Kroger officials said the partnership, which closed on April 1, is designed to further enhance the best products, practices and techniques of Lucky’s Market, combining them with the Cincinnati-based retailer’s scale and experience to generate more benefits for customers. The alliance further demonstrates the Cincinnati-based grocery giant’s “deep ongoing commitment to providing customers with affordable fresh organic and natural foods as a part of its Customer 1st strategy,” according to Kroger, which indicated that the deal will gel well with its first-ever small format Main & Vine concept store in Gig Harbor, Wash., which mixes local, specialty and everyday products. (Progressive Grocer) 

The two existing Lucky’s aren’t the only presence Kroger has in the St. Louis region, from April 2015:

After a years-long hiatus, Kroger Co. has returned to the St. Louis market with its Ruler Foods store brand, Cincinnati-based Kroger’s small-footprint, low-price format.

The company plans to open about 10 stores in the area over the next year or two. (Business Journal)

Kroger has an alternative to Aldi and now it has an alternative to Whole Foods. Let’s take a look at the building and the space:

Lucky's would occupy the Western half of the ground floor. the rest is occupied.
Lucky’s would occupy the Western half of the ground floor. the rest is occupied.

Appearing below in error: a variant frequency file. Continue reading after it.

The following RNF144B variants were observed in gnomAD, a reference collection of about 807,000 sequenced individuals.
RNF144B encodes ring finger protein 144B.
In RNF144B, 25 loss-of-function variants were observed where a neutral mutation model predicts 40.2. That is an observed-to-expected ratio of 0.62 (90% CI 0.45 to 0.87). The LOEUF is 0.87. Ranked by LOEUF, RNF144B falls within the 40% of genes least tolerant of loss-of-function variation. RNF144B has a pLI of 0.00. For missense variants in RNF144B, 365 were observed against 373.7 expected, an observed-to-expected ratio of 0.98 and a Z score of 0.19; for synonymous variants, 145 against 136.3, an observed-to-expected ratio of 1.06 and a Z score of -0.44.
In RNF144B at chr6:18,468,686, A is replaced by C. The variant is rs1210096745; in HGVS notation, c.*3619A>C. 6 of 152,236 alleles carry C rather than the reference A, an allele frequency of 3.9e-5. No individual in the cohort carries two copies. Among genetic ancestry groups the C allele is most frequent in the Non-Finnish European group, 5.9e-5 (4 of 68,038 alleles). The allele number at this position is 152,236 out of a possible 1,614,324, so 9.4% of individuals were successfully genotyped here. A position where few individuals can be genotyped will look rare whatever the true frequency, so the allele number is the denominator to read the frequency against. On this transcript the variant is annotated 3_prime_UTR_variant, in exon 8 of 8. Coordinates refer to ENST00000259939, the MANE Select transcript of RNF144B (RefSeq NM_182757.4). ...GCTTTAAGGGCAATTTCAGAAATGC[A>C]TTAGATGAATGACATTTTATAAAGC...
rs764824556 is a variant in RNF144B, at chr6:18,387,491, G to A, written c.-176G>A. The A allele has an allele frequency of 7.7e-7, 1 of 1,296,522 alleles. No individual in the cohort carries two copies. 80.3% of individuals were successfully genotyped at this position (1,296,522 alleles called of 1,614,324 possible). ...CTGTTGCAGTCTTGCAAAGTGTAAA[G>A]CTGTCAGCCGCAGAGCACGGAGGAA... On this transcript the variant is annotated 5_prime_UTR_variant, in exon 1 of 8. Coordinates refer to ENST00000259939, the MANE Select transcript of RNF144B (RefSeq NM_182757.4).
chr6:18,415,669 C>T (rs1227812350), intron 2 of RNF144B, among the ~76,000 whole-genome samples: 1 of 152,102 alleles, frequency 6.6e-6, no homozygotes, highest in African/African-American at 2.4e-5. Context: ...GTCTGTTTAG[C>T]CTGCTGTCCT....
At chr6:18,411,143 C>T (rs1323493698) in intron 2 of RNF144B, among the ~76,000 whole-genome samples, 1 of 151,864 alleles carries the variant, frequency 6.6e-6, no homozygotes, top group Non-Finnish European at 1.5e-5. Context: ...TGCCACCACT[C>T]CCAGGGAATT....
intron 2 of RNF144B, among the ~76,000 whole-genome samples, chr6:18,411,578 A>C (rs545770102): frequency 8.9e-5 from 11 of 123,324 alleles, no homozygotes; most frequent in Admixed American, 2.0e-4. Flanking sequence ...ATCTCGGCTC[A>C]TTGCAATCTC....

The space includes a loading dock at 16th & St. Charles St
The space includes a loading dock at 16th & St. Charles St
The London Tea Room used to occupy a tiny amount of the space
The London Tea Room used to occupy a tiny amount of the space
Most was English Living Furniture, the space has been vacant since the owners retired a few years ago
Most was English Living Furniture, the space has been vacant since the owners retired a few years ago
The main entrance would be onto Washington Ave, not the resident lobby. Lucky's will reconfigure the interior to include ramps for carts and wheelchairs.
The main entrance would be onto Washington Ave, not the resident lobby. Lucky’s will reconfigure the interior to include ramps for carts and wheelchairs.

This Lucky’s would be smaller than their Ellisville & Rock Hill locations, but about the same as Schnucks’ Culinaria. The parties are woking toward signing a lease in July with the store opening in Spring or Summer 2017. I’m grateful Dr, Saggar chooses to invest in downtown.

— Steve Patterson

 

 

 

Big Box Blues: Sears, Kmart, & Sports Authority

I remember trips to Sears with my mom in the early/mid 1970s, plus I’d look through the Sears catalog at home. Much of my early wardrobe was from Sears. I also remember trips to the same Sears with my dad to buy/replace Craftsman tools.  My parents had our new house built in 1965  — the same year the 160,000+ sq ft Sears store was built 2.2 miles away (map).  That Sears store is still open, and isn’t on the recent list of Sears/Kmart closures.

One Kmart in the St. Louis region was on the list last month, the Bridgeton location at 11978 St Charles Rock Rd.

The Bridgeton Kmart was built in 1991, per St. Louis County tax records
The Bridgeton Kmart was built in 1991, per St. Louis County tax records

A few years ago the Bridgeton Walmart moved to just East of this Kmart. But the Sears/Kmart closures are part of a bigger trend for these retailers:

Trying to cut its way to profitability, troubled Sears Holdings announced Thursday that it will close 68 Kmart and 10 Sears stores this summer in its latest move to cut losses.